The Surprising Elegance of Braised Beef Tongue

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Braised tongue dressed with a sauce gribiche lively with tarragon and parsley, cornichons and capers.

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Gentl and Hyers for The New York Times. Food stylist: Hadas Smirnoff. Prop stylist: Rebecca Bartoshesky.

I’ve always run a few off-cuts and offals and weird meats on the menu at Prune, since opening in 1999, because I grew up with them and they are a part of who I am as a cook and eater. These days, it could come off as some kind of perverse or precocious kind of gustatory bragging to say that as a child I adored the blob of marrow from the soup bones and had a particular love of the brains in brown butter with capers that my mother cooked. But it was nothing to impress with at the time. Frankly, to have to explain that funky rillettes sandwich in your oily paper lunch bag to your schoolmates with their American cheese on Wonder Bread felt in the vicinity of shameful. In our house, these meats were just a pragmatic and cultural fact of what my French mother cooked to feed a family of seven.

Many people are squeamish about the off-cuts, and I can see why the livery taste of liver and the urine taste of kidneys and the custard texture of brains and the stench of chitlins during the initial boiling, the crunch of tendon, the sponge of lung and tripe can be a turn off. But with beef tongue, I’ve never understood the revulsion — other than the idea of the thing — because it holds none of these challenges: It’s clean, meaty, beefy, muscley and fleshy. Tongue is one fine piece of meat. Once boiled and peeled, it can be served warm and sticky in its own braising liquid like a good pot roast, with root vegetables and potatoes. You can shave it paper thin and dress it with hot chili oil and scallions and snow peas and toasted sesame seeds. Cold, it can be sliced like a deli meat and makes an excellent sandwich with horseradish mayo on rye bread. Here, dressed with a classic sauce gribiche lively with tarragon and parsley, cornichons and capers, it makes an elegant, unexpected first-course salad fit for, believe it or not, a summer wedding feast.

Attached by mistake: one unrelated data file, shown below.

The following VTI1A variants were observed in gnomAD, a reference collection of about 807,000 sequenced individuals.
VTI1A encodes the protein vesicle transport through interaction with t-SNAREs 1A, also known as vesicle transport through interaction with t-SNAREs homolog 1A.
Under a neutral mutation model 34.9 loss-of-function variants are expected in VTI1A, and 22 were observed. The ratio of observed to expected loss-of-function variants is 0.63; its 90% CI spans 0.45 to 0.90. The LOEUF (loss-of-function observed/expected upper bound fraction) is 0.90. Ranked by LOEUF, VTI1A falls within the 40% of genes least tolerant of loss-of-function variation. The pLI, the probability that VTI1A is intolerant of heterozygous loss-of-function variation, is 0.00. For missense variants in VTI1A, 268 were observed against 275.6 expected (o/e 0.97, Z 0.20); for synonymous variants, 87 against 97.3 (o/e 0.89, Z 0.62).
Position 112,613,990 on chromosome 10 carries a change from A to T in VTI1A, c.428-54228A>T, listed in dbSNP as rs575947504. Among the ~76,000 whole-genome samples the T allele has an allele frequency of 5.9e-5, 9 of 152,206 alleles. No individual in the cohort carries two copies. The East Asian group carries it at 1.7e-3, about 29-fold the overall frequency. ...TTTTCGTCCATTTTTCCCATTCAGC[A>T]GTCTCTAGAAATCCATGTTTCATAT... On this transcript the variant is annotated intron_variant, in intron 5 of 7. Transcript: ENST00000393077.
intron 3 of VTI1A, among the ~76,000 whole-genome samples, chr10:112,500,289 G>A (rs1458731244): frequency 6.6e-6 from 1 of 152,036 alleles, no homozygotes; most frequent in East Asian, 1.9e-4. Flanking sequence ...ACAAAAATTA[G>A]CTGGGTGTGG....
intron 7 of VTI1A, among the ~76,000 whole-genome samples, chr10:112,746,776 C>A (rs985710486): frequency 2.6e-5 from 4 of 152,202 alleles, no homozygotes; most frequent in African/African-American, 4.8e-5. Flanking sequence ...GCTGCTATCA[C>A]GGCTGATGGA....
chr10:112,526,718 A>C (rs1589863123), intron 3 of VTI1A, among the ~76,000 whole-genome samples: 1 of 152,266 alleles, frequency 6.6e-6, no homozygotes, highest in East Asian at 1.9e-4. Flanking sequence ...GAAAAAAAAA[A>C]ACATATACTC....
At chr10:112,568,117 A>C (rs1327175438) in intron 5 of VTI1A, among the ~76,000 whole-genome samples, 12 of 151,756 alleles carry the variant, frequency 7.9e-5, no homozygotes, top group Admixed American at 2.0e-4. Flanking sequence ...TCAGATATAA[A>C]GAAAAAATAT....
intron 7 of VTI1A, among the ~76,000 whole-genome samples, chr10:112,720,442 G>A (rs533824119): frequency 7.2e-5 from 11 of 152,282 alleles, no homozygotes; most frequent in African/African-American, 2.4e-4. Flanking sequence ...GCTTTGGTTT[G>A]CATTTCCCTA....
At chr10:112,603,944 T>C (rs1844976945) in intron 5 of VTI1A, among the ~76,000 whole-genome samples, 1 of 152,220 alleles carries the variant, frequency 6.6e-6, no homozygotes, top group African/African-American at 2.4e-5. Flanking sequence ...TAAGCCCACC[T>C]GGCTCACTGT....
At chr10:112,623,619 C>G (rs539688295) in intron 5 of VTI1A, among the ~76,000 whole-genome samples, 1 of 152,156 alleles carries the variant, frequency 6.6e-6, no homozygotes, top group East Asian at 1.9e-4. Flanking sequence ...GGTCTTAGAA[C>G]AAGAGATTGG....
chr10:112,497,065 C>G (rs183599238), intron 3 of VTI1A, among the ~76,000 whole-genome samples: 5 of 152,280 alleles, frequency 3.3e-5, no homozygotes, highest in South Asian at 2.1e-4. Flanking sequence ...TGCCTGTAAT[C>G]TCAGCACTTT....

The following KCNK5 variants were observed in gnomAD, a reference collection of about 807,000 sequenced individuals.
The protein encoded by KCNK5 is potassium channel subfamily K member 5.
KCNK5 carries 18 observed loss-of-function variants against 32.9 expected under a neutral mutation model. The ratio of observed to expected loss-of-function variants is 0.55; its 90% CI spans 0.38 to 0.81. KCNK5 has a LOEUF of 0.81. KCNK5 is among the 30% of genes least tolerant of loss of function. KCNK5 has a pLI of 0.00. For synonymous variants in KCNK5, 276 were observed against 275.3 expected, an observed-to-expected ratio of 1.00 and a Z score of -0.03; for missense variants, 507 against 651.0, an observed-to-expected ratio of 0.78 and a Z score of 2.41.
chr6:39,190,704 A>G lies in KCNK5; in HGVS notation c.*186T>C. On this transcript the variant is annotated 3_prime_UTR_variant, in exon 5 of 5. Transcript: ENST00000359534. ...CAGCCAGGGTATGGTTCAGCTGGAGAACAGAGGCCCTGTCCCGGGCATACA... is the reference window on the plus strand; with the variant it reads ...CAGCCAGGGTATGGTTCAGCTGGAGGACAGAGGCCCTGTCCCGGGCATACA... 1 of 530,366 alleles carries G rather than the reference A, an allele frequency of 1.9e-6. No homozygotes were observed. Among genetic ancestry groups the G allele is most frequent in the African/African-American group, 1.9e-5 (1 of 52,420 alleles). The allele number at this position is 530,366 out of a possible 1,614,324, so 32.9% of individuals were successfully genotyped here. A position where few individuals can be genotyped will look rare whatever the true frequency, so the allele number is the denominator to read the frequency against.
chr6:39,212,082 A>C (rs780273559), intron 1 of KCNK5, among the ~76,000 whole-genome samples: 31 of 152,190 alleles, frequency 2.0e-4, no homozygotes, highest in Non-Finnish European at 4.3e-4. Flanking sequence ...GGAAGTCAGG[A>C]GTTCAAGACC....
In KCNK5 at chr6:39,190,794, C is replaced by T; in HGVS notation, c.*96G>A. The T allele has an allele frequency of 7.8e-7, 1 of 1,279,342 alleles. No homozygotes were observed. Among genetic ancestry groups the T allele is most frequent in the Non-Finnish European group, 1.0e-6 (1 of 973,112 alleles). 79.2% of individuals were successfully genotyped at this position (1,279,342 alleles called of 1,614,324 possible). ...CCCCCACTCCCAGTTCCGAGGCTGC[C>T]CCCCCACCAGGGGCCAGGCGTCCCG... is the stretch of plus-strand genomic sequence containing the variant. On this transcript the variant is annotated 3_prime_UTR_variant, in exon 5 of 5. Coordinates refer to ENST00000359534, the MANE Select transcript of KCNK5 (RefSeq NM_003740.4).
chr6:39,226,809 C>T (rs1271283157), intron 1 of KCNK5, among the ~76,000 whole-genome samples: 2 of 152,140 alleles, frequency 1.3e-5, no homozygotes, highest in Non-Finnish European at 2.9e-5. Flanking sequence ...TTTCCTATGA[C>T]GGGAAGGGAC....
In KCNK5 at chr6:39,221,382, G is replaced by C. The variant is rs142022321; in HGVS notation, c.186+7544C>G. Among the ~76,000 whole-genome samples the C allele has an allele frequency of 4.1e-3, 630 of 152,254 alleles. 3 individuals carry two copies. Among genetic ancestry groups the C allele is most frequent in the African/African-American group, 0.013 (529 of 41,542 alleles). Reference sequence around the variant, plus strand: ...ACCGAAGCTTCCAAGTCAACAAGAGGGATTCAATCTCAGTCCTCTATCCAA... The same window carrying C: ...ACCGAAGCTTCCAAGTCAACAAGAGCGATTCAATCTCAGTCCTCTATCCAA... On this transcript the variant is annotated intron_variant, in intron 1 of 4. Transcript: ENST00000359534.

Before I opened Prune, I had a long 10 years as a cook in high-end catering, and one thing that dented my soul that entire time was the uniformity and conformity of the weddings; the way the party planner would sell the same wedding over and over, to the same couple, more or less, again and again….

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